25 June, 2020

Women, Performance Management & COVID-19

Stacia Garr
Co-Founder & Principal Analyst

Priyanka Mehrotra
Research Lead

TL;DR

Our holistic study of women and performance management yielded 2 research reports:

  • Leveling the Field: Making Performance Management Work for Women – Understanding the “3 Cs” of performance management (culture, capability of managers, and clarity) and a game plan on how to get started with these improvements
  • The Double-Double Shift: Performance Management During a Pandemic – How the COVID-19 pandemic has exacerbated gender inequality in the workplace and a special thanks to Workhuman for sponsoring this research

As leaders, one of the things we most want to create is an environment in which the people who work with us – regardless of who they are – have equal opportunities to advance. Yet, collectively, we're failing at this. Though women and men enter the workforce in equal numbers and are equally competent, on average, men hold more managerial positions (62%) than women (38%). While a variety of reasons may exist for these different percentages, one factor flies under the radar in many organizations, even though we know it influences both promotion and compensation decisions: performance management (PM).

Our research on performance management revealed, like so many others have found before us, that men and women have different experiences with it, resulting in women experiencing systemic inequality. This is despite changes to make PM more “modern.”

Before COVID-19 was even a thing, we undertook a holistic study of women and performance management to understand:

  • Are the changes to modern performance management practices resulting in women and men having the same experience?
  • And, if not, then what are the differences and what can organizations do about them?

The resulting study, Leveling the Field: Making Performance Management Work for Women, was ready for publication in mid-March – just as COVID-19 took over everyone’s worlds. Instead of publishing a study that would get drowned out in the craziness of the times, we held on to it. But then we decided we could – and must – adapt what we learned in Leveling the Field to fit our current moment.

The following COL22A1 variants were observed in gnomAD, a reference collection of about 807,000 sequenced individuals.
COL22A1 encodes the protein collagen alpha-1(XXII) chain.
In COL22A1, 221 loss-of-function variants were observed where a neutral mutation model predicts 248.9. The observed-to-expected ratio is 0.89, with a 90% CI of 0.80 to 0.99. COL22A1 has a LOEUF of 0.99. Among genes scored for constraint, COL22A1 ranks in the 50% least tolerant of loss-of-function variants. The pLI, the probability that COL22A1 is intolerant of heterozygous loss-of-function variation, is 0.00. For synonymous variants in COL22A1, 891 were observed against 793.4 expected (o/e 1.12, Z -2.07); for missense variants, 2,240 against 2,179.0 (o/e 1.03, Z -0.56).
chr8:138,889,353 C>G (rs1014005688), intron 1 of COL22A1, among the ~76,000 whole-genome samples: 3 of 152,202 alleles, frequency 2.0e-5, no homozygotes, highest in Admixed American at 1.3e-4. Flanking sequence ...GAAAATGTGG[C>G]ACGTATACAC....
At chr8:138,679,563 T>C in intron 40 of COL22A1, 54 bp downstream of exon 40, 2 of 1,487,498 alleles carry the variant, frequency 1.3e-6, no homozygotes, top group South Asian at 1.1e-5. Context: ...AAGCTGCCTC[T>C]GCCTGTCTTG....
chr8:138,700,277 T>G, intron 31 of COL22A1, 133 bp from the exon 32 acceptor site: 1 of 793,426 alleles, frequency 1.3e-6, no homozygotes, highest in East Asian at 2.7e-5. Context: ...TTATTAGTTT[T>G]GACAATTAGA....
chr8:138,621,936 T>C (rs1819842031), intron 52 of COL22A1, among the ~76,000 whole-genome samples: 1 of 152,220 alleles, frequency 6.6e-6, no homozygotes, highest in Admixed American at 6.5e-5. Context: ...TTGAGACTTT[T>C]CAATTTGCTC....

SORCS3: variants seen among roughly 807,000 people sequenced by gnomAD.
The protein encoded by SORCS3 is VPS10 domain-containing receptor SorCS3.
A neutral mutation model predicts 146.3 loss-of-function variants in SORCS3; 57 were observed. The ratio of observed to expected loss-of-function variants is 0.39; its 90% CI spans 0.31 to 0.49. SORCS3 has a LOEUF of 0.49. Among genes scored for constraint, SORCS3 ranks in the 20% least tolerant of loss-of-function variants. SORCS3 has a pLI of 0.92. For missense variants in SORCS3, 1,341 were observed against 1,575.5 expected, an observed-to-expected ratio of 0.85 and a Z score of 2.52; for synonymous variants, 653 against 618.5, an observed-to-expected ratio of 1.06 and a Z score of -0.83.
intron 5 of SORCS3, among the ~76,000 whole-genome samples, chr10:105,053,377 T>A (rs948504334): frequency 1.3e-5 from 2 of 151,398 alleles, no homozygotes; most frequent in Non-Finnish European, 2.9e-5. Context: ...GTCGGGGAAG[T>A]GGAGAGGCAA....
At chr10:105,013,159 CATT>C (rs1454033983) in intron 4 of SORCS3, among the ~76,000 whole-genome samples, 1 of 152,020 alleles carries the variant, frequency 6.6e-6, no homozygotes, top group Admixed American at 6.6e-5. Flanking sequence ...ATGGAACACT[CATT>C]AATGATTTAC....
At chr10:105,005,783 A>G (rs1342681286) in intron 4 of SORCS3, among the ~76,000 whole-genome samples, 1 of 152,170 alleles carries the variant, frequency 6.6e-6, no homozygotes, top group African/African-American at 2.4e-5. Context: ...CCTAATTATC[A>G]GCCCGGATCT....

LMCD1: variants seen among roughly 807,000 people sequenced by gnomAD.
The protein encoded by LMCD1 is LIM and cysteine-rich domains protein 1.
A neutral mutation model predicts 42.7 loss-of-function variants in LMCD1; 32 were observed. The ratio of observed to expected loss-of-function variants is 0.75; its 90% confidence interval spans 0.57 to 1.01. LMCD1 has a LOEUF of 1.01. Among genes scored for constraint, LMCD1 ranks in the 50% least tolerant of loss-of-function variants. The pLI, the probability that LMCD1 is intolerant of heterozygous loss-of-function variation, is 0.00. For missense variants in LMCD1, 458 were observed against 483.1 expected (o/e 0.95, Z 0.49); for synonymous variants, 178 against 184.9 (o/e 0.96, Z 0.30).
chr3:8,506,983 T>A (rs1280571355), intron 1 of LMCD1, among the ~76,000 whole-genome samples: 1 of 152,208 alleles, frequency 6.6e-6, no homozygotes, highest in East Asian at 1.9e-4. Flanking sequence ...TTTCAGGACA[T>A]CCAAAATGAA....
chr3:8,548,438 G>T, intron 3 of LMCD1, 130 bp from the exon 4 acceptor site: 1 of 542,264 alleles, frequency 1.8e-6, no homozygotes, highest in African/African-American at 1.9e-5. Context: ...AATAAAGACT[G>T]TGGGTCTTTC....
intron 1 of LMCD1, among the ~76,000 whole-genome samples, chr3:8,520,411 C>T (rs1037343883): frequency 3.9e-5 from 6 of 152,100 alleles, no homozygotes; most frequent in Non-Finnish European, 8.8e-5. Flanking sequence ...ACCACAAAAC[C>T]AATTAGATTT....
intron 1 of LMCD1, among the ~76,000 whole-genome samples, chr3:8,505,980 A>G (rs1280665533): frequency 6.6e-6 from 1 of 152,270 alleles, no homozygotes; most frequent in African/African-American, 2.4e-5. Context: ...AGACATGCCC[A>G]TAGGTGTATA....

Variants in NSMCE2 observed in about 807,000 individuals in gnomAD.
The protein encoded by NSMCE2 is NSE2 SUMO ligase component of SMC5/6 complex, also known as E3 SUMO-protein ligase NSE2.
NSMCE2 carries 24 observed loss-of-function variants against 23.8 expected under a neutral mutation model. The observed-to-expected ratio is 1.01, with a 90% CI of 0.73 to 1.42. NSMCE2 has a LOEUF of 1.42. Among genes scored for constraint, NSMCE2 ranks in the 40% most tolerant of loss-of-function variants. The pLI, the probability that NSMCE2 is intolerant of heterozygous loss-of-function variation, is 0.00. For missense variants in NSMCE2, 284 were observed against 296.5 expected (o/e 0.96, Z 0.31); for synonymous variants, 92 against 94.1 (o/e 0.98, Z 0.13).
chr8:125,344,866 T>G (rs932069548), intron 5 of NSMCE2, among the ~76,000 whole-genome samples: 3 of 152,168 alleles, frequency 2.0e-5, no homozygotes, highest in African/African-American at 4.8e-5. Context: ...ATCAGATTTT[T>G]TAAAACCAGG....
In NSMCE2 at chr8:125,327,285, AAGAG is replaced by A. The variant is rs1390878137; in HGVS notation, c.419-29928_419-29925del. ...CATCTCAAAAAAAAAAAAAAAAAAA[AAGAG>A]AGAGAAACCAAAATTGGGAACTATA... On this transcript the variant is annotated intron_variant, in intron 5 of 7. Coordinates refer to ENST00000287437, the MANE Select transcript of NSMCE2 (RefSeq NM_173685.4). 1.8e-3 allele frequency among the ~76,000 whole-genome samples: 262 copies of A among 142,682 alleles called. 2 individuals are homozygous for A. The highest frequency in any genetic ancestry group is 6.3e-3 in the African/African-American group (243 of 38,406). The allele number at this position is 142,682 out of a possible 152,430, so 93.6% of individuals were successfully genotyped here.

The result is The Double-Double Shift: Supporting Women’s Performance Management During a Pandemic, which presents a very realistic look at how the COVID-19 global pandemic is impacting the ways women are perceived during this new work-from-home environment, as well as the additional challenges they now face. In this second study, we focus on questions such as:

  • How might the unconscious biases women already face worsen in – and be mitigated by – a long-term work-from-home environment?
  • Given what we know about how to make PM more equitable for women, how might we alter our practices in this current environment to level the playing field?
  • How can leaders address these challenges now, before less effective practices solidify in this new working environment?

We are publishing both studies together, as we think they each represent timely and useful insights for our readers. The Double-Double Shift is very targeted at what is happening right now, pulling some of the most relevant information from Leveling the Field, and augmenting it with COVID-19 and work-from-home specific details. Leveling the Field is our original report, and has a lot more overall details and suggestions to consider. We think readers will find value in reading both, and leveraging the self-check assessments and “getting started” suggestions.

Please reach out to us at [email protected] with any questions, comments, or suggestions. If you would like an infographic summary of Leveling the Field, click here.



Read the Report

If you would like an infographic summary of The Double-Double Shift, click here.


Read the Report

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ABOUT THE AUTHOR

Stacia Garr

Stacia is a Co-founder and Principal Analyst for RedThread Research and focuses on employee engagement/experience, leadership, DE&I, people analytics, and HR technology. A frequent speaker and writer, her work has been featured in Fortune, Forbes, The New York Times, and The Wall Street Journal as well as in numerous HR trade publications. She has been listed as a Top 100 influencer in HR Technology and in D&I. Stacia has an MBA from the University of California, Berkeley, and a master’s degree from the London School of Economics.